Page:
Sri Lanka has a diversified banking system. There are 25 commercial banks: 13 local and 12 foreign. In addition, there are seven specialized local banks. Citibank N.A. is the only U.S. bank operating in Sri Lanka. Several domestic private commercial banks have substantial government equity acquired through investment agencies controlled by the government. Banking has expanded to rural areas, and by end of 2020 there were over 3,619 commercial bank branches and over 6,176 Automated Teller Machines throughout the country. Both resident and non-resident foreign nationals can open foreign currency banking accounts. However, non-resident foreign nationals are not eligible to open Sri Lankan Rupee accounts.
CBSL is responsible for supervision of all banking institutions and has driven improvements in banking regulations, provisioning, and public disclosure of banking sector performance. Credit ratings are mandatory for all banks. CBSL introduced accounting standards corresponding to International Financial Reporting Standards for banks on January 1, 2018, and the application of the standards substantially increased impairment provisions on loans. The migration to the Basel III capital standards began in July of 2017 on a staggered basis, with full implementation was kicking in on January 1, 2019 and some banks having had to boost capital to meet full implementation of Basel III requirements. In addition, banks must increase capital to meet CBSL’s new minimum capital requirements deadline, which is set for December 31, 2022. A staggered application of capital provisions for smaller banks unable to meet capital requirements immediately will likely be allowed.
Total assets of the banking industry stood at LKR 14,666 billion ($75.2 billion) as of December 31, 2020. The two fully state-owned commercial banks – Bank of Ceylon and People’s Bank – are significant players, accounting for about 33 percent of all banking assets. The Bank of Ceylon currently holds a non-performing loan (NPL) ratio of 4.98 percent (up from 4.79 percent in 2019). The People’s Bank currently holds a NPL ratio of 3.85 percent (up from 3.68 percent in 2019). Both banks have significant exposure to SOEs but, these banks are implicitly guaranteed by the state. The six-month debt moratorium issued by the CBSL for distressed borrowers will expired in March 2021, the impact of this is yet to be reflected on the banking sector NPL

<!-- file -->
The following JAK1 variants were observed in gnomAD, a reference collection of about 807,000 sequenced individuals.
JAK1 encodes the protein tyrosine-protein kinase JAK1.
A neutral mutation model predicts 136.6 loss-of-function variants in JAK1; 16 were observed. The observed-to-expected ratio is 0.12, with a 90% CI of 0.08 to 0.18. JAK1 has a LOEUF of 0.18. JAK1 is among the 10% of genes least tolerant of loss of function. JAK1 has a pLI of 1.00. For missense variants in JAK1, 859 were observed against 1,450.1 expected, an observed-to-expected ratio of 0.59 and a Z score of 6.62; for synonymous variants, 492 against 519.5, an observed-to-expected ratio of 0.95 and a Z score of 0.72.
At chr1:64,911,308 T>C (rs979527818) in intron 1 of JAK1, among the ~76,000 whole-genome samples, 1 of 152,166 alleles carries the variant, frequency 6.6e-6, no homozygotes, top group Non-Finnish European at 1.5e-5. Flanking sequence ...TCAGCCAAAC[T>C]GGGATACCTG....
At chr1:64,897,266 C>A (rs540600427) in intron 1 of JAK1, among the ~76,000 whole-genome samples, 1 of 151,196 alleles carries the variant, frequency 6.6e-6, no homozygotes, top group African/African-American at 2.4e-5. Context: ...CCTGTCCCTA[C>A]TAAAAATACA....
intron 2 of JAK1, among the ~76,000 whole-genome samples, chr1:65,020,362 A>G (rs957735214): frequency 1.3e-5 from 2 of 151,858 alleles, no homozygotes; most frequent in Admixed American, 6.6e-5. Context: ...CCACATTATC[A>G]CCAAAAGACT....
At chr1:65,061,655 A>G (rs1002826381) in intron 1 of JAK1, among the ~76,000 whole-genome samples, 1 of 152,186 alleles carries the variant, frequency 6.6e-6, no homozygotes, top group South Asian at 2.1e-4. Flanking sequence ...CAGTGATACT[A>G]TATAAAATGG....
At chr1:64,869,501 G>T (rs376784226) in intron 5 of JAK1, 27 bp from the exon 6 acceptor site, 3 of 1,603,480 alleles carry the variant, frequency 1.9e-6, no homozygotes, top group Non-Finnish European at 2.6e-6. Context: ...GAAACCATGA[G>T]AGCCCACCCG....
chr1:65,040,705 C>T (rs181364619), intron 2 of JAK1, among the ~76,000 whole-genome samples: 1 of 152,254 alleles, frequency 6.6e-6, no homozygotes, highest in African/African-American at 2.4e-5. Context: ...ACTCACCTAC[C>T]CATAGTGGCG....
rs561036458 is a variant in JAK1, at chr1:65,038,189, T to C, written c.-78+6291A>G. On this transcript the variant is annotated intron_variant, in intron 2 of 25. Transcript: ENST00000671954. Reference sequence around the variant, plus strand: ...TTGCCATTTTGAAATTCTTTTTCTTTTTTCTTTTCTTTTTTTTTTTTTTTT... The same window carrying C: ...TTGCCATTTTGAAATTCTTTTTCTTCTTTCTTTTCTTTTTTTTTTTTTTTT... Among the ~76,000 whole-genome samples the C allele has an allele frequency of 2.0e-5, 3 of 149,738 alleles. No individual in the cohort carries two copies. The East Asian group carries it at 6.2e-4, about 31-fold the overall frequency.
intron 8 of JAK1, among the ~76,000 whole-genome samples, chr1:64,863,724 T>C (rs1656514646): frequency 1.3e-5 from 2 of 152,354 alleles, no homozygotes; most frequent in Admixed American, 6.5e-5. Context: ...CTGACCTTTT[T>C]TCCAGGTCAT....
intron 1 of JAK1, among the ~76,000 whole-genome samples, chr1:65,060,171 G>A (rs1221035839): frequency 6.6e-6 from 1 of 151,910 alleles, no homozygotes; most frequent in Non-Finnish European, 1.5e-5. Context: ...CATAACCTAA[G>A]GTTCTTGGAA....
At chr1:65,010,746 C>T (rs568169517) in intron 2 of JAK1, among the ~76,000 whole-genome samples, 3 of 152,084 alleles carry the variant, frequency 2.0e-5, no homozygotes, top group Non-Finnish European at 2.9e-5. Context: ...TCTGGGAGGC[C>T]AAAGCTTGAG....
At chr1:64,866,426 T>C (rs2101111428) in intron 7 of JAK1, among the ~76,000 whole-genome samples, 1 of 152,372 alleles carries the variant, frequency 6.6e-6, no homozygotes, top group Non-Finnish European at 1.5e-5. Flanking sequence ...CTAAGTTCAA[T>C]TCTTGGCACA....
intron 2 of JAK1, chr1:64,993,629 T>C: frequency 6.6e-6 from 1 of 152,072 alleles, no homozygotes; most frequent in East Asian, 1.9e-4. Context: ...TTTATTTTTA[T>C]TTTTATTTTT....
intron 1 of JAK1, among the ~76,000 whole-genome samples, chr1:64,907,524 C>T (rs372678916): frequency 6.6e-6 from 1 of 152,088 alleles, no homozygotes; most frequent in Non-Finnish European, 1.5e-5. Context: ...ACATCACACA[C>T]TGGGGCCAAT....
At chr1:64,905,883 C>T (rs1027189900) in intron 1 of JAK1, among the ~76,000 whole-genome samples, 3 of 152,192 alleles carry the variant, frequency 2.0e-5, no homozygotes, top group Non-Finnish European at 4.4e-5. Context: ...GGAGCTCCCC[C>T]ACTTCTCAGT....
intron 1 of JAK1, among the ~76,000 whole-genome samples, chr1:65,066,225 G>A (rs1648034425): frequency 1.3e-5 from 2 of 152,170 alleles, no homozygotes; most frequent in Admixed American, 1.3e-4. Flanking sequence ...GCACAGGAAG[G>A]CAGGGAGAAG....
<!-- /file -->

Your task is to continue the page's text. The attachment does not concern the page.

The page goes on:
In October 2019, Sri Lanka was removed from the Financial Action Task Force (FATF) gray list after making significant changes to its Anti-Money Laundering/Countering the Finance of Terrorism (AML/CFT) laws. CBSL is exploring the adoption of blockchain technologies in its financial transactions and appointed two committees to investigate the possible adoption of blockchain and cryptocurrencies.
Sri Lanka has a rapidly growing alternative financial services industry that includes finance companies, leasing companies, and microfinance institutes. In response, CBSL has established an enforcement unit to strengthen the regulatory and supervisory framework of non-banking financial institutions. Credit ratings are mandatory for finance companies as of October 1, 2018. The government also directed banks to register with the U.S. Internal Revenue Service (IRS) to comply with the U.S. Foreign Accounts Tax Compliance Act (FATCA). Almost all commercial banks have registered with the IRS.
Foreign Exchange and Remittances
Sri Lanka generally has investor-friendly conversion and transfer policies. Companies say they can repatriate funds relatively easily. In accordance with its Article VIII obligations as a member of the IMF, Sri Lanka liberalized exchange controls on current account transactions in 1994 and, in 2010-2012, the government relaxed exchange controls on several categories of capital account transactions. A new Foreign Exchange Act, No. 12 of 2017, came into operation on November 20, 2017 and further liberalized capital account transactions to simplify current account transactions. Foreign investors are required to open Inward Investment Accounts (IIA) to transfer funds required for capital investments but there are no restrictions or limitations placed on foreign investors in converting, transferring, or repatriating funds associated with an investment through an IIA in any foreign currency designated by CBSL.
No barriers exist, legal or otherwise, to remittance of corporate profits and dividends for foreign enterprises since 2017 when Sri Lanka relaxed investment remittance policies with the new Foreign Exchange Act. Remittances are done through IIAs. There are no waiting periods for remitting investment returns, interest, and principal on private foreign debt, lease payments, royalties, and management fees provided there is sufficient evidence to prove the originally invested funds were remitted into the country through legal channels. Exporters must repatriate export proceeds within 120 days.
Sovereign Wealth Funds
Sri Lanka does not have a sovereign wealth fund. The government manages and controls large retirement funds from private sector employees and uses these funds for budgetary purposes (through investments in government securities), stock market investments, and corporate debenture investments.